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#1 What happens if you can't pay your car payment and credit cards?SonnabendGuest07-26-2008, 07:53 PM
This one is a real gem..the discussion goes backwards and forwards until we come to this.You tell me just how much bad advice is in here
Keith82718 (1 posts) Click to send private message to this author Click to view this author's profile Click to add this author to your buddy list Click to add this author to your Ignore list Sat Jul-26-08 06:03 PM
Response to Original message
137. Can't Pay the Car Payment
I'd like to offer some practical advice, based on experience that I had in a previous job that involved "small loans". Some of my advice is likely dated, as I worked in that industry about ten years ago, so take it for what it is worth.
1. Don't marry your girlfriend, at least for right now, and don't do anything that could legally tie you to her debts. Although you may want to help her "on the sly", don't let any of the creditors convince you to assume any legal responsibility for the debts, i.e. don't co-sign anything, etc. The two of you are better off if one of you has clean credit than if neither of you does.
2. Start parking the car away from your home.
Oh, real bright, advising them to hide the car that they cant afford from their creditors
If you live in a safe area, park it on the street three or four blocks away. If you don't live in a safe area, park at a Friend or relative's house several blocks away (be certain that the friend or relative is not listed as a "personal reference" on the car loan...they will look at those addresses)
Asking others to lie for you is just as bad...worse, since you are now asking them to cover up your debts. People like you receive my special attention
Take a circuitous route between your home and your car's new location, and assume that repo men are following you. Follow the same procedure when parking at work or any other place you go on a routine basis. Repo men will do more "James Bond" stuff than just about anyone beside bail bondsmen.
Note that scumbag here at no time suggests being honest and dealing with the fact that the car is encumbered and that handing it over is the honest thng to do. No, like any DUmmie, its always someone elses fault. Bad advice, son, all this does is to tell creditors you are a deadbeat and to give you no leeway whatsoever
3. As far as phone calls. Use a cell phone instead of a land line...it is much harder for creditors to find cell numbers than land numbers. If you get phone service, don't let ANY creditor (or potential creditor) have the number...they will post it to the credit bureaus, where other creditors will find it.
Far be it from them to want their money back. No one held a fucking giun to your head and made you take out credit.
4. Creditors will attempt to harass you at work, but there are limitations. Federal law allows creditors to contact you at work UNTIL YOU TELL THEM TO STOP. Once you tell them not to bother you at work, it is illegal for them to make further attempts to contact you there, unless they do it through process service. If you have a good relationship with your supervisor, and work in a job in which credit issues don't threaten your job, you might explain things to your boss, and ask him/her to speak to any creditors that do call to discourage them from calling back. Obviously, document any calls that you do receive, writing down the name, number and employer of the caller, the time and date called, and any info in the conversation that might be useful.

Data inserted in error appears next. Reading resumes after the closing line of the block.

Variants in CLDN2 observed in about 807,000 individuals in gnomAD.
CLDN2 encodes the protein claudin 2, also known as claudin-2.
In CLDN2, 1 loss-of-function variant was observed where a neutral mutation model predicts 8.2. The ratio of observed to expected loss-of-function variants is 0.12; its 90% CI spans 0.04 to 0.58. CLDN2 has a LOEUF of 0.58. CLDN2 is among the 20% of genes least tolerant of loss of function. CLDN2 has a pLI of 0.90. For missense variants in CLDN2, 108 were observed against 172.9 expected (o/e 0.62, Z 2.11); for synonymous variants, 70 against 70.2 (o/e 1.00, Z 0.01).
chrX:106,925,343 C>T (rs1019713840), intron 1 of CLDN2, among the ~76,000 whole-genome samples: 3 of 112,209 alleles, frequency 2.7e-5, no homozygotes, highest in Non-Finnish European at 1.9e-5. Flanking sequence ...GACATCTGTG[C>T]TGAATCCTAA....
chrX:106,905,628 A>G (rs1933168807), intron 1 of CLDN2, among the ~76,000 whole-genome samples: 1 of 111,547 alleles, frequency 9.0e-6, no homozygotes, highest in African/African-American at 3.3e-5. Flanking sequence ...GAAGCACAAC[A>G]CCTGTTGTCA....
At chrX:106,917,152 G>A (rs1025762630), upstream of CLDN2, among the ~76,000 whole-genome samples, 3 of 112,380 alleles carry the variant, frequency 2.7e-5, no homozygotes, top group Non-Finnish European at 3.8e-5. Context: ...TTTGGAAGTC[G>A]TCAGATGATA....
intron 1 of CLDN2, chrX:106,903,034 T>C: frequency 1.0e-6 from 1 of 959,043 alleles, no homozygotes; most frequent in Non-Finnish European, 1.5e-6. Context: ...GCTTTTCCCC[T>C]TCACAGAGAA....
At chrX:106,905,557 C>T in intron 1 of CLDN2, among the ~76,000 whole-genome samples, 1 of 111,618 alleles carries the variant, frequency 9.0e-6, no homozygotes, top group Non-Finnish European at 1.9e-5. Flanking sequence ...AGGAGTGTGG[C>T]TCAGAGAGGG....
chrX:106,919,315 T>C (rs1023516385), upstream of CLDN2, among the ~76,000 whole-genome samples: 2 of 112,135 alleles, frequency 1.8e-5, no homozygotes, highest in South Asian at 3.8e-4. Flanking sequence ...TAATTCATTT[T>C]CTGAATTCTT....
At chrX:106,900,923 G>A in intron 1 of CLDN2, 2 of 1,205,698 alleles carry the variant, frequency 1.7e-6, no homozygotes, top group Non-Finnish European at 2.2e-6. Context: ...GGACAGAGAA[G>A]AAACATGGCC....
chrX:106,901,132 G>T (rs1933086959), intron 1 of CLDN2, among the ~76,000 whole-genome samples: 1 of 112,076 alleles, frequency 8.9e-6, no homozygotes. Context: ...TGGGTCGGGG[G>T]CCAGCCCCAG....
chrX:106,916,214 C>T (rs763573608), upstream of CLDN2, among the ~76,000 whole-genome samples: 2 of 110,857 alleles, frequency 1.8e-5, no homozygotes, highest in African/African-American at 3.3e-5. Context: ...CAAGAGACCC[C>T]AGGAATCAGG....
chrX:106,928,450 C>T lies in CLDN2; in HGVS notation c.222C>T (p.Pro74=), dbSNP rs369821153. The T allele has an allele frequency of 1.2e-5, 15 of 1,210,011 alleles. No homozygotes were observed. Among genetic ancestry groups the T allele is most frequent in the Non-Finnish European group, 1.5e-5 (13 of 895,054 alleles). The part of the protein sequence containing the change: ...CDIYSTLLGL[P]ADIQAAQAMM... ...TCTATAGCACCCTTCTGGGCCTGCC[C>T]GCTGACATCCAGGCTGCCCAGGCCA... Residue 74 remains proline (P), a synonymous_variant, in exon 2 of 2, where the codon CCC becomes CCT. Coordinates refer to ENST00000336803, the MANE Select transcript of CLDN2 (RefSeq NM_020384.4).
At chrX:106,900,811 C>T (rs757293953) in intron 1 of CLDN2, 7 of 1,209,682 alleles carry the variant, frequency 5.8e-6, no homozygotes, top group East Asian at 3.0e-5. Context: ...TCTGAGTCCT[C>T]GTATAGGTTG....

If we have judgement, we wont call you at work....but your boss will get a garnishee notice. Or a summons to attend an examination hearing...and if you dont turn up for thatm, we send the sheriff to your work, and we ARREST you and haul you before the court.
Quick tip, son, do NOT screw with your creditors and play games..all you will do is convince them that you have no intention of paying.
5. If you think that you are in danger of being sued, it is critical to try to avoid the process server - until they serve you you aren't obligated to show up. In some states, process servers can serve you by certified mail or by leaving service with any member of your household who is over a certain age (usually 14, but may vary by states), so don't accept any certified mail, and tell your kids not to open the door to anyone they don't know.
6. Generally speaking, you are under no obligation to deal with "debt collectors", by which I mean people or companies to whom you owe no money, but are trying to collect for a fee on behalf of a creditor. Ask anyone who calls "are you with the creditor or are you a debt collector?" You can tell debt collectors you won't deal with them.
8. Creditors often become more pliable if you tell them that you are thinking of going bankrupt, especially if you tell them you've already contacted an attorney. Obviously, this is more credible if you have actually done so, or at least have the name of an attorney likely to take your case. Some attorneys do free bankruptcy consulations...since the first consultation is free, it might be worth going, just to establish the relationship.
And if you can afford the lawyer, you can afford repayments on your debt.
9. Find out immediately if your home state allows wage garnishments for unsecured debts. If you live in a state that does not allow wage garnishment, it is a huge advantage for you. Your employer's HR department can probably tell you this, if you don't mind them knowing your situation.
10. Remember that debt collectors, repo men, et al usually get paid only if they collect. This motivates them to be very aggressive, and can often lead them to being extremely p*ssed at you if you are beating them.
Hope this helps.
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